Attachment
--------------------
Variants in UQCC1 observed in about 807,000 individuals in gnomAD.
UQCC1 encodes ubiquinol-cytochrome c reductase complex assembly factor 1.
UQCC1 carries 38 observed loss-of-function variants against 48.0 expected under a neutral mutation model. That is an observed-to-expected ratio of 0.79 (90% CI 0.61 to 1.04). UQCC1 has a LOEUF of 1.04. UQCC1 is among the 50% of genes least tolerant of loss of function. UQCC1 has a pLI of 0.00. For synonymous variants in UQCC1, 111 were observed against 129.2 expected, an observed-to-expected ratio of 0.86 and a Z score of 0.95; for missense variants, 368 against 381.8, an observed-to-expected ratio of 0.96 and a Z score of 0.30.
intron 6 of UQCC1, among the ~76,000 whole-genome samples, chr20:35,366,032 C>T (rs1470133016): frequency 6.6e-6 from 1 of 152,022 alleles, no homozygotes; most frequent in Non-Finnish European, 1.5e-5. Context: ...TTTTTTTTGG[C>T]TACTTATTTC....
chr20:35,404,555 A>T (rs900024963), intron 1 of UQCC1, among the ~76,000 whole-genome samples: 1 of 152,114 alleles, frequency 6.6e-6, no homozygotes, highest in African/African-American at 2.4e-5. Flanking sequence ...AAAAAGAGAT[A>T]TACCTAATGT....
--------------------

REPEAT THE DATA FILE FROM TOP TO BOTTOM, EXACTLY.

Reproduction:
Variants in UQCC1 observed in about 807,000 individuals in gnomAD.
UQCC1 encodes ubiquinol-cytochrome c reductase complex assembly factor 1.
UQCC1 carries 38 observed loss-of-function variants against 48.0 expected under a neutral mutation model. That is an observed-to-expected ratio of 0.79 (90% CI 0.61 to 1.04). UQCC1 has a LOEUF of 1.04. UQCC1 is among the 50% of genes least tolerant of loss of function. UQCC1 has a pLI of 0.00. For synonymous variants in UQCC1, 111 were observed against 129.2 expected, an observed-to-expected ratio of 0.86 and a Z score of 0.95; for missense variants, 368 against 381.8, an observed-to-expected ratio of 0.96 and a Z score of 0.30.
intron 6 of UQCC1, among the ~76,000 whole-genome samples, chr20:35,366,032 C>T (rs1470133016): frequency 6.6e-6 from 1 of 152,022 alleles, no homozygotes; most frequent in Non-Finnish European, 1.5e-5. Context: ...TTTTTTTTGG[C>T]TACTTATTTC....
chr20:35,404,555 A>T (rs900024963), intron 1 of UQCC1, among the ~76,000 whole-genome samples: 1 of 152,114 alleles, frequency 6.6e-6, no homozygotes, highest in African/African-American at 2.4e-5. Flanking sequence ...AAAAAGAGAT[A>T]TACCTAATGT....